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All set for blue economy meet

By Audrey Korir and Jean Ruhiu | September 12th 2018
By Audrey Korir and Jean Ruhiu | September 12th 2018

Some of the pillars in the ocean constructed by the China Roads and Bridges Cooperation awaiting T-beams to connect the Island and Changamwe mainland for the construction of the Standard Guage Railway sea bridge at the Kenya Ports Authority's headquarters. [File, Standard]

Preparations for the first Blue Economy Global Conference in Nairobi in November are in top gear.

Foreign Affairs Principal Secretary Macharia Kamau said out of the Sh800 million budget for hosting the conference, the country had raised Sh400 million, with more pledges expected to come in from development partners.

He said the Norwegian Government had pledged Sh50 million while the UK had committed to give Sh32.5 million.

The World Bank defines the blue economy as the sustainable use of ocean resources for economic growth, improved livelihoods and jobs while preserving the health of the ocean ecosystem.

The PS said the conference, which would run between November 26 and 28, would provide a forum to advance the global conversation on the sustainable development of the blue economy.

“This will help us to tap into the productive capacity of our water resources and empower communities in a sustainable way as we build our economy,” said Mr Macharia at a briefing in Nairobi.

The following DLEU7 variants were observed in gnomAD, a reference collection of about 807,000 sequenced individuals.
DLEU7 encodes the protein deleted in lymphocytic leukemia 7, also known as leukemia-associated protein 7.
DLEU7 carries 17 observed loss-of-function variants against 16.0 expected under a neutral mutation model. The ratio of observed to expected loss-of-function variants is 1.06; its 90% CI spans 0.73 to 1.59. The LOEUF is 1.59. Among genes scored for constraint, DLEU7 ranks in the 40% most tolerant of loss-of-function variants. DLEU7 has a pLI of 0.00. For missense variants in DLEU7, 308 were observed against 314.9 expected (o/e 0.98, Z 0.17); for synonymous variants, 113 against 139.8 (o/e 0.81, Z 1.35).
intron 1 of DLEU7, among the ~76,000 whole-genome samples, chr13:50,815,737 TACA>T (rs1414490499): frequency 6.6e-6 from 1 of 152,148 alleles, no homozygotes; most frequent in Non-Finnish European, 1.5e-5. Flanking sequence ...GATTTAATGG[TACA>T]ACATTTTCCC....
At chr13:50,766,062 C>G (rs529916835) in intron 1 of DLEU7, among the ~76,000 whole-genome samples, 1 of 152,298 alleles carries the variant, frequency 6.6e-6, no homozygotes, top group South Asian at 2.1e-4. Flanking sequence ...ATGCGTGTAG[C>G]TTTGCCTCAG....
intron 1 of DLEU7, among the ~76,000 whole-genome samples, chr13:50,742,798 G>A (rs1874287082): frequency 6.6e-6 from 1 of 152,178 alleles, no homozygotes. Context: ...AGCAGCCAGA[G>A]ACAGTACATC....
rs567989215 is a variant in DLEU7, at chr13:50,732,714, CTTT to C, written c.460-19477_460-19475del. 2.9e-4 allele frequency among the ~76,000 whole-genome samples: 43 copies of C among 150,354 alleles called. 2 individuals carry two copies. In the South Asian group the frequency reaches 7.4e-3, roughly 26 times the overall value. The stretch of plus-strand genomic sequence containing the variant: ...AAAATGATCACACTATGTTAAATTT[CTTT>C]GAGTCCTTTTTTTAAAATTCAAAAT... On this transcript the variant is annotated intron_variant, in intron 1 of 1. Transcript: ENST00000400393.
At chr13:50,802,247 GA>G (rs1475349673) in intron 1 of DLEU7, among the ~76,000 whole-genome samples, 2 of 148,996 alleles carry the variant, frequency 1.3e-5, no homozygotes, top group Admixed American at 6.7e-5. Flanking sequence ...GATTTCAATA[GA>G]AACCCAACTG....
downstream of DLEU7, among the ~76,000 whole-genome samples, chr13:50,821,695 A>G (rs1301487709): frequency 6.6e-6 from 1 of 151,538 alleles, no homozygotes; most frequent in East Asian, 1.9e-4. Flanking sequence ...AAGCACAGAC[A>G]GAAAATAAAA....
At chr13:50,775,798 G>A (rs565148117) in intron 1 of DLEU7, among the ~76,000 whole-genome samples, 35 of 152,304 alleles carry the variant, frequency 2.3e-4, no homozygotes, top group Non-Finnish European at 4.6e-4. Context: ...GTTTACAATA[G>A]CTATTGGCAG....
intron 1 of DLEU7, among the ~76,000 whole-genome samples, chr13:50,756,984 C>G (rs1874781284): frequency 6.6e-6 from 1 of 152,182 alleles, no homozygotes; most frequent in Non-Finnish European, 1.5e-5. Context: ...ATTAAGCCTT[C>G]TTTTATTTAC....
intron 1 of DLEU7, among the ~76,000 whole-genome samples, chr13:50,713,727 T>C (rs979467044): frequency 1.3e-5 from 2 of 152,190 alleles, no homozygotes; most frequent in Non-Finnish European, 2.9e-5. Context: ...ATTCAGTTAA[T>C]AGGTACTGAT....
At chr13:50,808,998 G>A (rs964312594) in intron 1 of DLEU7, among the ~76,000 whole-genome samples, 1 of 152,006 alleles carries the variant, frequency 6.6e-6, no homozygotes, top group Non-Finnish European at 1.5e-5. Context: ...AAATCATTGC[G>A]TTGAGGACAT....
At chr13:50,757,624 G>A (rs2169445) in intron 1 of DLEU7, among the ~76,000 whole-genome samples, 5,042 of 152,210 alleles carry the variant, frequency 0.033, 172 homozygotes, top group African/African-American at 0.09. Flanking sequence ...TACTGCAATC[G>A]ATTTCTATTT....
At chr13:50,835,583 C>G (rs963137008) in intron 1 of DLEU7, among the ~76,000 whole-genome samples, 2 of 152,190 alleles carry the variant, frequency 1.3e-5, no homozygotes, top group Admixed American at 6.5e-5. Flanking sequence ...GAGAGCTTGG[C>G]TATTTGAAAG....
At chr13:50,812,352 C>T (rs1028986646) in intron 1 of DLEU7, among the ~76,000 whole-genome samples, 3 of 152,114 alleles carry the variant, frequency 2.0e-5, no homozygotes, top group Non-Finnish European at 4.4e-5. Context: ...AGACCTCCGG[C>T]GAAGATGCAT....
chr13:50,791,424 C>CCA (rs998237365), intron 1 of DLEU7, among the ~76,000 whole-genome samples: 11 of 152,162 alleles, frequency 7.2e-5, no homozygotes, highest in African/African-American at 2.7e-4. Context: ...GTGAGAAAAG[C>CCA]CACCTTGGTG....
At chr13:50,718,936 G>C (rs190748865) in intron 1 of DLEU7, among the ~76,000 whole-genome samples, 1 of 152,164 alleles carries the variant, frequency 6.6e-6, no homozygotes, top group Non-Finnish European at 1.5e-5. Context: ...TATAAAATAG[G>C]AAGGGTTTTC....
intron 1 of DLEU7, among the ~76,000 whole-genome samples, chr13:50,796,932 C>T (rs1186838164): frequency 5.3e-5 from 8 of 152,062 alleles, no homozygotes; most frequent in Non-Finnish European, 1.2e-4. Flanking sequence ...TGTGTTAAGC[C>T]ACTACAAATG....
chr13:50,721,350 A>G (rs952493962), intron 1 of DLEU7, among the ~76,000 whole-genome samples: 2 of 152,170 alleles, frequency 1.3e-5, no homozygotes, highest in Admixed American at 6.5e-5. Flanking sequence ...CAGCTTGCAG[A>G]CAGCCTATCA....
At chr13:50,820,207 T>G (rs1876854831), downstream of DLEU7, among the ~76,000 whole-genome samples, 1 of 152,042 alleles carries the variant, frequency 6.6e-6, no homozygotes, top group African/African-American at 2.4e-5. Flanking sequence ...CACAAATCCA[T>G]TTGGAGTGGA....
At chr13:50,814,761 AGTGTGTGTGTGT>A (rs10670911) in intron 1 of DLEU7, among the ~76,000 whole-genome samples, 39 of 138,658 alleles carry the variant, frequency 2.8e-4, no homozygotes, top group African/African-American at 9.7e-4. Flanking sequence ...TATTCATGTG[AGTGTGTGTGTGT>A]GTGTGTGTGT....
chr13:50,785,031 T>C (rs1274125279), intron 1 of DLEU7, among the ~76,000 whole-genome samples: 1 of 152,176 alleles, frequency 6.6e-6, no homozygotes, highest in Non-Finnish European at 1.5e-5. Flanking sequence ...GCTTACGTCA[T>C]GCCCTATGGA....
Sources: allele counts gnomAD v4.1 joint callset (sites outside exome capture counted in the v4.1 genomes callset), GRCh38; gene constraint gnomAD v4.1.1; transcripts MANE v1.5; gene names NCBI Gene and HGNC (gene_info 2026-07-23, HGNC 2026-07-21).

More than 500 mayors and governors are expected to attend the three-day event.

The chairman of the Council of Governors, Josphat Nanok, said the conference would also provide a platform for counties to showcase their projects.

Showcase projects

“We are very comfortable with the processes of the conference and are looking forward to having the counties showcase the projects they are developing as part of aligning county development with the blue economy agenda,” said Mr Nanok.

Other governors highlighted the development projects they were pursuing to enhance maritime conservation.

 “The respondents investigating the issue are abusing their statutory powers at the behest of the interested party. No officer acting consciously would take that action as there is no basis of criminally charging the ex parte applicants.”

The DPP said he had already made a decision to have the four charged, but asked the court to dismiss the new application, saying they were initially challenging arrest and not prosecution.

“That suit was never challenging prosecution, no wonder DPP is not party to it. The suit was complaining about police actions. They are assuming that you gave orders stopping prosecution. If it would have been an issue, the DPP would have been a party,” argued Senior Principal Prosecution Counsel Fredrick Ashimosi.

He said that the Inspector General of Police Joseph Boinett and Directorate of Criminal Investigation Ndegwa Muhoro had no powers to prosecute anyone as had been alleged by the now Cytton Investment directors.

Brtiam through lawyer Fred Ngatia argued that the orders sought would “issue immunity against prosecution.”

He asked the court to allow the criminal justice system to take effect since the same court had already made a finding over the same issue.


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